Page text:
• Carving cooked meat
  • Cutting harder produce

ikea bread knife

4. Bread knife

A bread knife consists of a long and even-sized blade. The blades are always serrated, which is designed to cut and slice softer items. That’s why you should use a bread knife in a way that you use a saw.

How is it used?

  • Main function – cutting and slicing bread, cakes, sweets, and pastries without crushing them.
  • Cutting meat, poultry, and seafood
  • Cutting and slicing softer fruits and vegetables
  • Breaking a large bar of chocolate into smaller pieces

How is it not used?

  • General cutting, dicing, slicing and chopping tasks.

carving knife with forks

5. Carving knife

A carving knife is a large, long, and slim knife. It is made narrow for more precise cuts. Its length can vary (between 20 to 38 centimeters long), allowing for slicing through wider pieces. A carving knife is thinner than a chef’s knife, particularly at the spine, which allows for more precise and cleaner cuts. Some carving knives may have indentations on the sides of the blade for an easier release with each slice.

How is it used?

  • Main function – carving or cutting thin slices of cooked meat (such as ham and roasts) and cooked poultry.
  • Can be used for cutting larger produce.

How is it not used?

  • General cutting, chopping, slicing and dicing tasks.

a Chinese cleaver knife and a Western cleaver knife

6. Cleaver knife

Also known as a butcher’s knife, a cleaver knife consists of a large, rectangular blade, a thick spine, and little or no belly. It is the heaviest of all knives. It is most often found in butcher shops and restaurants preparing their own meat.

How is it used?

  • Splitting the meat from the bone, usually beef, pork, poultry, and other thick types of meat;
  • Cutting through thicker and harder items (such as pumpkin or squash) in a chopping motion;
  • The wide and heavy blade can be used to beating, tenderizing and pulverizing meat, fish, and poultry, as well as crushing garlic;
  • Can be used for chopping and dicing.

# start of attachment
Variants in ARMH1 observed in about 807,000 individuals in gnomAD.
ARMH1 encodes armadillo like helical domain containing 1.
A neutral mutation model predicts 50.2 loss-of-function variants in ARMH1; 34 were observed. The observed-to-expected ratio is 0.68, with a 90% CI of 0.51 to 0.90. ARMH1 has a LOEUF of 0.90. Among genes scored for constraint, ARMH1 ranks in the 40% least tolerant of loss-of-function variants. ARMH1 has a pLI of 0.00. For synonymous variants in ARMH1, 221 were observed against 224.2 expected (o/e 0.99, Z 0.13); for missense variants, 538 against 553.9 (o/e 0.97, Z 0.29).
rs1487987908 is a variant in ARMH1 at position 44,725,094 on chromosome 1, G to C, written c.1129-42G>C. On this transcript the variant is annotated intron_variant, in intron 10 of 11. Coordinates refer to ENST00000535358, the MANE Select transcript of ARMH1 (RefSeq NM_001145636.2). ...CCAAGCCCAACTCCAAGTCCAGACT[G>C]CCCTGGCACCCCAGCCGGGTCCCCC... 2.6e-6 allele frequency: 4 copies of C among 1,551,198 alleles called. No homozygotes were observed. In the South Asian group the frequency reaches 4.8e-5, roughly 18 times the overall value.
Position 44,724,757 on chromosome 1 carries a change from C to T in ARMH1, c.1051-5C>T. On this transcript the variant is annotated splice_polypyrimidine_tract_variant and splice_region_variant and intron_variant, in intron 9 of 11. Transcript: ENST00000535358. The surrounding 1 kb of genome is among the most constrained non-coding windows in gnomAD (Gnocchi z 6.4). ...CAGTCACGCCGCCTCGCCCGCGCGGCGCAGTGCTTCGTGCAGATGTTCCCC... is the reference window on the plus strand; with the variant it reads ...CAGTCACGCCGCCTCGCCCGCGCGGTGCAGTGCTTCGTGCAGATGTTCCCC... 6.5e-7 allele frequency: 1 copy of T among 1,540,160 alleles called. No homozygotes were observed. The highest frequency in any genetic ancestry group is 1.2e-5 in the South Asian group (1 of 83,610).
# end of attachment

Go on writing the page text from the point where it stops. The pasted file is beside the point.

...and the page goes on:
How is it not used?

  • Slicing small or delicate pieces of meat, fish, or poultry;
  • Slicing and cutting bread, cakes, pastries, and other smaller and softer items.

a boning knife

7. Boning knife

A boning knife consists of an extremely narrow blade that can be flexible, semi-flexible, or stiff. For home cooks, they should choose a boning knife with a stiff blade as it makes more enhanced, precise cuts. It is sometimes called a filleting knife.

How is it used?

  • De-boning cuts of meat, fish, and poultry;
  • Cutting through the meat’s connecting tissues and joints;
  • Separating the skin from meat and fish;
  • Can be used as a substitute for a paring knife.

How is it not used?

  • General cutting, chopping, slicing, and dicing tasks.
  • Slicing bread, cakes, and pastries.

santoku knife

 

8. Santoku knife

Santoku is a popular knife in Japan that has found its way into professional and home kitchens in the West. It is usually flat-ground and consists of an edge that’s straighter than a chef’s knife. The thin blades allow for much finer and more delicate cuts than you would get with a chef’s knife. It typically features small indentations or “dimples” along the blade, allowing easier release of the food with each slice. Its drop-point tip is designed for easier and cleaner cuts of fish, making this knife useful when preparing sushi or sashimi. The wide blade is also used for crushing garlic and for scooping up and transporting food after cutting.

Like the chef’s knife, the Santoku knife is an all-around kitchen tool. Anyone with smaller hands who find a chef’s knife unwieldy can feel more at ease when using a Santoku knife.

How is it used?

  • Cutting meat, poultry, and fish
  • Dicing
  • Slicing
  • Disjointing some certain cuts of meat
  • Chopping
  • Mincing
  • Crushing garlic

How is it not used?

  • Peeling, especially smaller produce
  • Carving cooked meat
  • Cleaving meat bones
  • Slicing bread